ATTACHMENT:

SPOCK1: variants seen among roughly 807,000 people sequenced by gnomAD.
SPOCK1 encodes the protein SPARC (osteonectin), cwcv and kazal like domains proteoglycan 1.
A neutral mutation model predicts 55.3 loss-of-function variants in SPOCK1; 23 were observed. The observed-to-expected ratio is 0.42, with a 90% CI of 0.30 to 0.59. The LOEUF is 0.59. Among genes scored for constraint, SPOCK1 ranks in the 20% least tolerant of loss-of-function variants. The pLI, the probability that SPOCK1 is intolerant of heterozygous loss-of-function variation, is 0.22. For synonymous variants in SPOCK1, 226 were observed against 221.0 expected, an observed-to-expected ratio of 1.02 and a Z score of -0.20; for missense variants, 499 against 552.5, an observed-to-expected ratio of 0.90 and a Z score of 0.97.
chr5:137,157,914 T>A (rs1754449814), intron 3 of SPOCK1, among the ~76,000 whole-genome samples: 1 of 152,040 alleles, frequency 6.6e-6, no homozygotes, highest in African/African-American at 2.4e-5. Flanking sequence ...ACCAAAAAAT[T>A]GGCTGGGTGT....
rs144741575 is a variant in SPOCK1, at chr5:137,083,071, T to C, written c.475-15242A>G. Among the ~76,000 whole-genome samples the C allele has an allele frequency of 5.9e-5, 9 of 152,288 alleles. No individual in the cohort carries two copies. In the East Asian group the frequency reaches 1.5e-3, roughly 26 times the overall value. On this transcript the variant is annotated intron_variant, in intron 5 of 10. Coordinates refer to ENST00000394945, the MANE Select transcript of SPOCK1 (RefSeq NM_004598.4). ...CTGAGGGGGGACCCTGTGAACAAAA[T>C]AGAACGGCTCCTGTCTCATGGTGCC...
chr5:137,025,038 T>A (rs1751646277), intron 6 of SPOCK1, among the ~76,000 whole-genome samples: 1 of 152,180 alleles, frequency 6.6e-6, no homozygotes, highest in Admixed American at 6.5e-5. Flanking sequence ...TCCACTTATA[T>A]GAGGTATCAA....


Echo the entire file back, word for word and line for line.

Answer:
SPOCK1: variants seen among roughly 807,000 people sequenced by gnomAD.
SPOCK1 encodes the protein SPARC (osteonectin), cwcv and kazal like domains proteoglycan 1.
A neutral mutation model predicts 55.3 loss-of-function variants in SPOCK1; 23 were observed. The observed-to-expected ratio is 0.42, with a 90% CI of 0.30 to 0.59. The LOEUF is 0.59. Among genes scored for constraint, SPOCK1 ranks in the 20% least tolerant of loss-of-function variants. The pLI, the probability that SPOCK1 is intolerant of heterozygous loss-of-function variation, is 0.22. For synonymous variants in SPOCK1, 226 were observed against 221.0 expected, an observed-to-expected ratio of 1.02 and a Z score of -0.20; for missense variants, 499 against 552.5, an observed-to-expected ratio of 0.90 and a Z score of 0.97.
chr5:137,157,914 T>A (rs1754449814), intron 3 of SPOCK1, among the ~76,000 whole-genome samples: 1 of 152,040 alleles, frequency 6.6e-6, no homozygotes, highest in African/African-American at 2.4e-5. Flanking sequence ...ACCAAAAAAT[T>A]GGCTGGGTGT....
rs144741575 is a variant in SPOCK1, at chr5:137,083,071, T to C, written c.475-15242A>G. Among the ~76,000 whole-genome samples the C allele has an allele frequency of 5.9e-5, 9 of 152,288 alleles. No individual in the cohort carries two copies. In the East Asian group the frequency reaches 1.5e-3, roughly 26 times the overall value. On this transcript the variant is annotated intron_variant, in intron 5 of 10. Coordinates refer to ENST00000394945, the MANE Select transcript of SPOCK1 (RefSeq NM_004598.4). ...CTGAGGGGGGACCCTGTGAACAAAA[T>C]AGAACGGCTCCTGTCTCATGGTGCC...
chr5:137,025,038 T>A (rs1751646277), intron 6 of SPOCK1, among the ~76,000 whole-genome samples: 1 of 152,180 alleles, frequency 6.6e-6, no homozygotes, highest in Admixed American at 6.5e-5. Flanking sequence ...TCCACTTATA[T>A]GAGGTATCAA....